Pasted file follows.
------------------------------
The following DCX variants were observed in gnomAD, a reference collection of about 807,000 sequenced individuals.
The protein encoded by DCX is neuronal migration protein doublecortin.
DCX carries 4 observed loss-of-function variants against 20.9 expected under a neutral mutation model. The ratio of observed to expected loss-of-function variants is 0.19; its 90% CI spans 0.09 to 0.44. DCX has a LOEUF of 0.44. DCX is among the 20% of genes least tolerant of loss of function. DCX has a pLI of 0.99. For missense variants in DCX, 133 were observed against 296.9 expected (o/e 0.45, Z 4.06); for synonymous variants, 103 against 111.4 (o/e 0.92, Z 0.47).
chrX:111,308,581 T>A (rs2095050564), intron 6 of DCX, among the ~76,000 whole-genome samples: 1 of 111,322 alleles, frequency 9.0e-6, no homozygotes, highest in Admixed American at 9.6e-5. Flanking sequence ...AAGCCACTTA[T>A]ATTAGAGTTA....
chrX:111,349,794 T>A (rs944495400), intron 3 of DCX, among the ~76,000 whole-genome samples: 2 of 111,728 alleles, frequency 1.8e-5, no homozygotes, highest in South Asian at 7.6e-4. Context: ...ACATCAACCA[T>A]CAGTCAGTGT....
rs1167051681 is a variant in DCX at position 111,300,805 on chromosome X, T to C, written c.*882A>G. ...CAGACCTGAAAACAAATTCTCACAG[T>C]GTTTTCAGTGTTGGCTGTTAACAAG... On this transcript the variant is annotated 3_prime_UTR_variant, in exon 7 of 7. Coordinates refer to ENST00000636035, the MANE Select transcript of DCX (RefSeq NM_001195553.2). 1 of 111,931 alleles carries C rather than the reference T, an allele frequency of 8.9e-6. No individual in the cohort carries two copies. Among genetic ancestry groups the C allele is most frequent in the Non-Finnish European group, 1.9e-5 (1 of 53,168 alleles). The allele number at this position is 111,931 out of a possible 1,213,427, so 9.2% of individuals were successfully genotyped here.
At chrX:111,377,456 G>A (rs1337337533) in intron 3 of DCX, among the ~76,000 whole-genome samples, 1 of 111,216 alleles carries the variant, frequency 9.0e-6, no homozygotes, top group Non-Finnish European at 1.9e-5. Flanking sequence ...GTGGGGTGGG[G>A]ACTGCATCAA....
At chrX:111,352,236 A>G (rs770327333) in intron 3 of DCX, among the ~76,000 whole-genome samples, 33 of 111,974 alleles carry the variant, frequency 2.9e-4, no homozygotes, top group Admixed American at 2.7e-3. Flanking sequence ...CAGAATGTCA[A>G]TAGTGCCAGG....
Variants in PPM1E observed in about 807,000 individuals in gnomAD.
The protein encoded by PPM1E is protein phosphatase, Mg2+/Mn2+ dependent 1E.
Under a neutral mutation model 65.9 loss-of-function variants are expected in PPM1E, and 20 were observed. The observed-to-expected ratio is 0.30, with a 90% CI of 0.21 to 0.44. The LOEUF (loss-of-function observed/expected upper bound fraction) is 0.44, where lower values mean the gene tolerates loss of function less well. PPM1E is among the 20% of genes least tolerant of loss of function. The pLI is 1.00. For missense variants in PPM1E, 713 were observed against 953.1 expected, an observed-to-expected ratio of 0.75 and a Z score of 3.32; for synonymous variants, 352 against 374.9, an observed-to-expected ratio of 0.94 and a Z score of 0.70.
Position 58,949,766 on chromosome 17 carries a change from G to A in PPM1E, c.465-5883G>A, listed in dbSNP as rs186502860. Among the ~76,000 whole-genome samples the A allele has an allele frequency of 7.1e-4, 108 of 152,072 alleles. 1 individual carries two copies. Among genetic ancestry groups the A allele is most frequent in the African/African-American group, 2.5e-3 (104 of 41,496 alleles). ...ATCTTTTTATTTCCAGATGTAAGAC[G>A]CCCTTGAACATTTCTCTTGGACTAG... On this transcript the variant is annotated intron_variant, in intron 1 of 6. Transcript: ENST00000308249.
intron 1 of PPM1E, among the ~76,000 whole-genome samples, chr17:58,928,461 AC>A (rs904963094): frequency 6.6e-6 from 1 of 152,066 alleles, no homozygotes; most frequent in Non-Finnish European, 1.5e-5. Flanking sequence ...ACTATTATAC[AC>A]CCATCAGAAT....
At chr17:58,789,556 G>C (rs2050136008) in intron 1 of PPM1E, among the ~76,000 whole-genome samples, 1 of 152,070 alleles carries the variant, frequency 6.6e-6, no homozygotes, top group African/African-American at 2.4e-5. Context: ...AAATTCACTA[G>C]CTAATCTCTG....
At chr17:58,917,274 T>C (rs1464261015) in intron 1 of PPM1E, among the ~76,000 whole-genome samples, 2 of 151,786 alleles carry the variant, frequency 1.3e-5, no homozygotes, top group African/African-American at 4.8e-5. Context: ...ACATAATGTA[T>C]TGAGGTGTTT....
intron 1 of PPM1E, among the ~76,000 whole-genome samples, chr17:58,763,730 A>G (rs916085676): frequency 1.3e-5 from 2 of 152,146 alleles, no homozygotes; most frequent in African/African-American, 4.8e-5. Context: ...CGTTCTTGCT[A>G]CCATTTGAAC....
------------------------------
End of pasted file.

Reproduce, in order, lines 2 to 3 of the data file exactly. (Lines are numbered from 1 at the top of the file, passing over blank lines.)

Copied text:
The protein encoded by DCX is neuronal migration protein doublecortin.
DCX carries 4 observed loss-of-function variants against 20.9 expected under a neutral mutation model. The ratio of observed to expected loss-of-function variants is 0.19; its 90% CI spans 0.09 to 0.44. DCX has a LOEUF of 0.44. DCX is among the 20% of genes least tolerant of loss of function. DCX has a pLI of 0.99. For missense variants in DCX, 133 were observed against 296.9 expected (o/e 0.45, Z 4.06); for synonymous variants, 103 against 111.4 (o/e 0.92, Z 0.47).